Meanwhile, Cuomo and Stelter made it sound like the thirty sources had all "corroborated" the charge, or charges, against Moore—a suggestion which is thoroughly murky and, it would seem, untrue. The Post reporters had never said that, but the boys had begun to stampede.

"How much more do you need?" Stelter excitedly asked. Exactly what Rolling Stone said!

Cuomo is normally much, much sharper than this. Camerota brought him back to his senses concerning the concepts of "evidence" and "proof."

That said, the stampede had clearly begun. In CNN's 11 AM hour, Kate Bolduan, grumpy anchor of At This Hour, raced down the Cuomo road:
BOLDUAN (11/10/17): What more is there to learn? That's the question a lot are asking today. I'm hearing from Republicans as well, what more is there to learn? If it's four people on the record, the then-14-year-old says—is on the record talking about what amounts to sexual abuse, back then, and 30 people corroborated their stories? And these—and this then-14-year-old, not that it should matter, says she's voted Republican in the last three elections and voted Republican for Donald Trump. What more is there to learn?
Did thirty people actually "corroborate their stories?" That isn't what the Post had said, and it almost surely isn't accurate. But so what? A stampede was on!

"What more is there to learn?" Bolduan excitedly said. Exactly what the professors said about the Duke lacrosse case!

In fairness, the children simply can't help themselves at such times as this. We think of Chekhov's description of Gurov, in the beautiful story Nabokov said was possibly greatest of all:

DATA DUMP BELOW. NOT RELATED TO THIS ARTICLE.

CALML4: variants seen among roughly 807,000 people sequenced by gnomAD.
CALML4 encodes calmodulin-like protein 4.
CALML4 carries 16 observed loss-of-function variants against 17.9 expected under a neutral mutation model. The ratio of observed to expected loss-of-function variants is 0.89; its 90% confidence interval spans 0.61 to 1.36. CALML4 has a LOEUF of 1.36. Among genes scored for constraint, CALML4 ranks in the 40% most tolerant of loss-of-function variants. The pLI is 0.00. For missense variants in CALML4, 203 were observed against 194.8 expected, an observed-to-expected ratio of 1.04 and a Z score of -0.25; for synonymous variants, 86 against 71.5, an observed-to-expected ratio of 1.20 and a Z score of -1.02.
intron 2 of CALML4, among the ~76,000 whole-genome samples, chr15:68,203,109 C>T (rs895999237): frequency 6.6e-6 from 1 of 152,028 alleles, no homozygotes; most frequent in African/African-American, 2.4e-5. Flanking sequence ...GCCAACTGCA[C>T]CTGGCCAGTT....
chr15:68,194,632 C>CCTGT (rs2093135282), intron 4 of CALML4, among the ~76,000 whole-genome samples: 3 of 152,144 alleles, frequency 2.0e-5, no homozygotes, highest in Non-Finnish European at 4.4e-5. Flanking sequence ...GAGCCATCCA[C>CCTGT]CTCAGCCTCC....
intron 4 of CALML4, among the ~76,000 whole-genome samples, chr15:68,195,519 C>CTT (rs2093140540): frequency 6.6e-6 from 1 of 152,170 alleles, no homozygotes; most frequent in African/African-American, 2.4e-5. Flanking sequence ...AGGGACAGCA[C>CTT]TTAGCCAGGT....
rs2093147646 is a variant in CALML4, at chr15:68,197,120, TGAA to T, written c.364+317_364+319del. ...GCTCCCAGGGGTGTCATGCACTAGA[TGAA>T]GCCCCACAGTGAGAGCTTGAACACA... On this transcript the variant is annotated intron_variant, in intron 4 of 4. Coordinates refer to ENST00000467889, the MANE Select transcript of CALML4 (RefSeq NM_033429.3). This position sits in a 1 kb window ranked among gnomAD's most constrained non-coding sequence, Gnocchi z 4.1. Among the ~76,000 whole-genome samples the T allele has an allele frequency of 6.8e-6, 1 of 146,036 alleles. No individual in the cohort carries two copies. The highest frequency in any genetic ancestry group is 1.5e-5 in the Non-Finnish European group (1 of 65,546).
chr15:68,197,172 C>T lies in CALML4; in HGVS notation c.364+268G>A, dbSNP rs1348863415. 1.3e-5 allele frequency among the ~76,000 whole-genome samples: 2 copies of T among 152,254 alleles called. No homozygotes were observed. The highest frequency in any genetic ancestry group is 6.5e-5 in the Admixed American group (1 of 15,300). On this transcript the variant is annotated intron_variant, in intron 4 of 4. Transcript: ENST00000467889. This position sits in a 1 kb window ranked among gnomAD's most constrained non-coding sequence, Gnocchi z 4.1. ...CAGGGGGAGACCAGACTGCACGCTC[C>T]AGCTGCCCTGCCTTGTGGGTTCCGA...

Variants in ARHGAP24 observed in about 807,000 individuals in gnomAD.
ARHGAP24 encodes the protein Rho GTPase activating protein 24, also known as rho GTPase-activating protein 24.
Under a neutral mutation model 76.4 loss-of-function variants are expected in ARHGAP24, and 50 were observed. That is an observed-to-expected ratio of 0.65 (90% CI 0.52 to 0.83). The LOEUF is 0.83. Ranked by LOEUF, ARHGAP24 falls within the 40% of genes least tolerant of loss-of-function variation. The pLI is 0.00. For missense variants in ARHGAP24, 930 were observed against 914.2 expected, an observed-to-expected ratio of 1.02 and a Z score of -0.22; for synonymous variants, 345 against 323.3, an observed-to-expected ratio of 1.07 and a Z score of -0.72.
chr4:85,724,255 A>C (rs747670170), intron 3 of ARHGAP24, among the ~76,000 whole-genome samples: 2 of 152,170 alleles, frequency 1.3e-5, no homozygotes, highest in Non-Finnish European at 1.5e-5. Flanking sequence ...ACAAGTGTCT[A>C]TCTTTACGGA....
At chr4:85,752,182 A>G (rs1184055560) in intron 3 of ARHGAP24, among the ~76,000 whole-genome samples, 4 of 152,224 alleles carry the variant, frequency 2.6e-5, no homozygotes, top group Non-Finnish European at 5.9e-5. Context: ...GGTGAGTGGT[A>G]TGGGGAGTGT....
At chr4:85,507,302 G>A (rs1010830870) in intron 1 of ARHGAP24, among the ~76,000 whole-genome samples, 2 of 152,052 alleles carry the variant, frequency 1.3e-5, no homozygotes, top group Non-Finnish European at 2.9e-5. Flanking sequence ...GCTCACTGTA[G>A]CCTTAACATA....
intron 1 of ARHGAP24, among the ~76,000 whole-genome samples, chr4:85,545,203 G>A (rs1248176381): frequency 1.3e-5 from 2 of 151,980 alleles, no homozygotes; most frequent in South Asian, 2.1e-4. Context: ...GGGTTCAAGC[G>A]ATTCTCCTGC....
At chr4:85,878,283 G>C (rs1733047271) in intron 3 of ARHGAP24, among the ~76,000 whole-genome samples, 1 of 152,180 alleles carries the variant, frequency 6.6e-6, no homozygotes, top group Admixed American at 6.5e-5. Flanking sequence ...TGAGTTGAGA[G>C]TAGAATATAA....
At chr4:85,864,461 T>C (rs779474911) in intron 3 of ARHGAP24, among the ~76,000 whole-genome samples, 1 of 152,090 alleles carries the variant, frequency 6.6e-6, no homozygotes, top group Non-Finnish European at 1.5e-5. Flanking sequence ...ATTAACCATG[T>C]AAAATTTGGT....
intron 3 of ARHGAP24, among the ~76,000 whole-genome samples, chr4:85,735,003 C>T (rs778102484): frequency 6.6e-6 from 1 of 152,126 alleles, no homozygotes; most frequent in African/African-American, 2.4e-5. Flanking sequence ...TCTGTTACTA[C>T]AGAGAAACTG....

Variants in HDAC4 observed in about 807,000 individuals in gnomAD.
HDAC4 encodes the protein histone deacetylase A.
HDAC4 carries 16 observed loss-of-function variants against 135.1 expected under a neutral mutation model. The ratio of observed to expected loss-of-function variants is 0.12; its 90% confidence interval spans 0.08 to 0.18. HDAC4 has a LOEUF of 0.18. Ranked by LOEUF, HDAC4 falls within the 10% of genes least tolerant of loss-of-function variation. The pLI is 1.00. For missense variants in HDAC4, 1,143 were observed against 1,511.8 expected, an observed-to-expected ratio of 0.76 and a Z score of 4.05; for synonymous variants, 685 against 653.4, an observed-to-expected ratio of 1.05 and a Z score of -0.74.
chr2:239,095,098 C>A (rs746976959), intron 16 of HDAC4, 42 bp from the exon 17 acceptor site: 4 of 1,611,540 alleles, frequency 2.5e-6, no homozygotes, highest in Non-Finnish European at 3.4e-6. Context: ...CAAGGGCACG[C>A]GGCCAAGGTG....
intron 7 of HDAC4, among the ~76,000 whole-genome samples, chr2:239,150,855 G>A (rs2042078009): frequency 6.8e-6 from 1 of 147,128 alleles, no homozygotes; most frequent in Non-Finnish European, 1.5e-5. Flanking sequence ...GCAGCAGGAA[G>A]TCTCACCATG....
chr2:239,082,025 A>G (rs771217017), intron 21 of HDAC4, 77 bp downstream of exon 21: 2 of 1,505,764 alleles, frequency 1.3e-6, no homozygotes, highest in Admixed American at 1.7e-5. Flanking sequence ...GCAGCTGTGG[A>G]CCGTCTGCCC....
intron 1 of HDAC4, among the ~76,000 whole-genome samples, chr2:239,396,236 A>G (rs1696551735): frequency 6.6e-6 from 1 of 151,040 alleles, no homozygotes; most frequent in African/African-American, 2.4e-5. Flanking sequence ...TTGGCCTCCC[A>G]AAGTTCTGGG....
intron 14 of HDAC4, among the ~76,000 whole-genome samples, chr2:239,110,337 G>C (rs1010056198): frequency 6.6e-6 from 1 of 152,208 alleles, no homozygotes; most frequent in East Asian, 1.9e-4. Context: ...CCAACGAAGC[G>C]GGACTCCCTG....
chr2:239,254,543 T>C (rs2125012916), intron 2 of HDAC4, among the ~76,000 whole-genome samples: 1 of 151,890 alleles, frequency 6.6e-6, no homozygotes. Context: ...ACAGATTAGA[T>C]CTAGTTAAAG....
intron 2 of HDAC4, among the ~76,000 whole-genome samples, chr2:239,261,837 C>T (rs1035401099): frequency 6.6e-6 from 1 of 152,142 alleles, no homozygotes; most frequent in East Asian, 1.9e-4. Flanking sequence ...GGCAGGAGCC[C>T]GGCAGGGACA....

Long and indeed bitter experience had taught him that every new affair, which at first relieved the monotony of life so pleasantly and and appeared to be such a charming and light adventure...invariably developed into an extremely complicated problem and finally the whole situation became rather cumbersome. But at every new meeting with an attractive woman he forgot all about this experience, he wanted to enjoy life so badly and it all seemed so simple and amusing.
Anthropologically speaking, the children seem to "want to enjoy life so badly," or so the experts now tell us. The only way they can accomplish this end is by rushing off in their tribal group stampedes, embellishing and disappearing facts as they go.

All through these early days of excitement, pundits cited the thirty sources as proof of the claims against Moore. If you actually read the Post report, it's clear that most of those thirty people didn't "corroborate" what Corfman had said, nor had the Post attempted to say how many of The Thirty corroborated the claim that Moore had dated young women when he was 32, if that was the crime we were now pursuing.